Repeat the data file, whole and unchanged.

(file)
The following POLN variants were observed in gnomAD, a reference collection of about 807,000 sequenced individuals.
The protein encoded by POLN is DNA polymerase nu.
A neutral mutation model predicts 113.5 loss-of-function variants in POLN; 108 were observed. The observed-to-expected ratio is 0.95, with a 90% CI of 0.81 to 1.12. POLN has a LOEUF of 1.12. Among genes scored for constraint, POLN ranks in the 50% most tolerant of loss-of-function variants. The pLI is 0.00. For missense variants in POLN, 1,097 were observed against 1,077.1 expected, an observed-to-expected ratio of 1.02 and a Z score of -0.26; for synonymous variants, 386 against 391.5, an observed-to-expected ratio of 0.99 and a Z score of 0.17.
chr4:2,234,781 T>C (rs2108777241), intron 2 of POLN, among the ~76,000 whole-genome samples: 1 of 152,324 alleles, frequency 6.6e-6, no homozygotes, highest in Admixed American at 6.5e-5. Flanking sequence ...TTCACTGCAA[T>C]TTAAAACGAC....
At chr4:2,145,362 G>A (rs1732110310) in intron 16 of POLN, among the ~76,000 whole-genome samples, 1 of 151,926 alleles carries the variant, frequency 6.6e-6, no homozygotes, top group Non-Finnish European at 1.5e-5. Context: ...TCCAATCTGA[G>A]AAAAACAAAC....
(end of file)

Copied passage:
The following POLN variants were observed in gnomAD, a reference collection of about 807,000 sequenced individuals.
The protein encoded by POLN is DNA polymerase nu.
A neutral mutation model predicts 113.5 loss-of-function variants in POLN; 108 were observed. The observed-to-expected ratio is 0.95, with a 90% CI of 0.81 to 1.12. POLN has a LOEUF of 1.12. Among genes scored for constraint, POLN ranks in the 50% most tolerant of loss-of-function variants. The pLI is 0.00. For missense variants in POLN, 1,097 were observed against 1,077.1 expected, an observed-to-expected ratio of 1.02 and a Z score of -0.26; for synonymous variants, 386 against 391.5, an observed-to-expected ratio of 0.99 and a Z score of 0.17.
chr4:2,234,781 T>C (rs2108777241), intron 2 of POLN, among the ~76,000 whole-genome samples: 1 of 152,324 alleles, frequency 6.6e-6, no homozygotes, highest in Admixed American at 6.5e-5. Flanking sequence ...TTCACTGCAA[T>C]TTAAAACGAC....
At chr4:2,145,362 G>A (rs1732110310) in intron 16 of POLN, among the ~76,000 whole-genome samples, 1 of 151,926 alleles carries the variant, frequency 6.6e-6, no homozygotes, top group Non-Finnish European at 1.5e-5. Context: ...TCCAATCTGA[G>A]AAAAACAAAC....